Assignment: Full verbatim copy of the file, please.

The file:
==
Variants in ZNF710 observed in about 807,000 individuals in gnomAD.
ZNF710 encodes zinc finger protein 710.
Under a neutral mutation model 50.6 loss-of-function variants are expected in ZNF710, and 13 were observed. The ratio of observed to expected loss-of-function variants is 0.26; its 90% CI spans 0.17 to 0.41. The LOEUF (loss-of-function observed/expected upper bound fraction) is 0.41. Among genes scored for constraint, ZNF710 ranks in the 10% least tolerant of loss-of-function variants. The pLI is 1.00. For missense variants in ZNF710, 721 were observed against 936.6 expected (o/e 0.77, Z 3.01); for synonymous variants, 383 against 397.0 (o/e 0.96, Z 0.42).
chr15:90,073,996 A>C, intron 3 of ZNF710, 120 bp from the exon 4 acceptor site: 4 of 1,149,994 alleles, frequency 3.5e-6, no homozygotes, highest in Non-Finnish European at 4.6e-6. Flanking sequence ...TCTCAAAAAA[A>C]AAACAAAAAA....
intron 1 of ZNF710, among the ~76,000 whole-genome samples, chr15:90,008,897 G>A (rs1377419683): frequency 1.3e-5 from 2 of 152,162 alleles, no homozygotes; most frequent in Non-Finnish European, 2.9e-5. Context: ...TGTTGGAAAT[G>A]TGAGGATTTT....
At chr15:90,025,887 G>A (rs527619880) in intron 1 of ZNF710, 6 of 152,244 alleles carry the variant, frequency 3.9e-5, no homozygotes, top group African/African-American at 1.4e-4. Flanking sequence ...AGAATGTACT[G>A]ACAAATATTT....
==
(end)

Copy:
Variants in ZNF710 observed in about 807,000 individuals in gnomAD.
ZNF710 encodes zinc finger protein 710.
Under a neutral mutation model 50.6 loss-of-function variants are expected in ZNF710, and 13 were observed. The ratio of observed to expected loss-of-function variants is 0.26; its 90% CI spans 0.17 to 0.41. The LOEUF (loss-of-function observed/expected upper bound fraction) is 0.41. Among genes scored for constraint, ZNF710 ranks in the 10% least tolerant of loss-of-function variants. The pLI is 1.00. For missense variants in ZNF710, 721 were observed against 936.6 expected (o/e 0.77, Z 3.01); for synonymous variants, 383 against 397.0 (o/e 0.96, Z 0.42).
chr15:90,073,996 A>C, intron 3 of ZNF710, 120 bp from the exon 4 acceptor site: 4 of 1,149,994 alleles, frequency 3.5e-6, no homozygotes, highest in Non-Finnish European at 4.6e-6. Flanking sequence ...TCTCAAAAAA[A>C]AAACAAAAAA....
intron 1 of ZNF710, among the ~76,000 whole-genome samples, chr15:90,008,897 G>A (rs1377419683): frequency 1.3e-5 from 2 of 152,162 alleles, no homozygotes; most frequent in Non-Finnish European, 2.9e-5. Context: ...TGTTGGAAAT[G>A]TGAGGATTTT....
At chr15:90,025,887 G>A (rs527619880) in intron 1 of ZNF710, 6 of 152,244 alleles carry the variant, frequency 3.9e-5, no homozygotes, top group African/African-American at 1.4e-4. Flanking sequence ...AGAATGTACT[G>A]ACAAATATTT....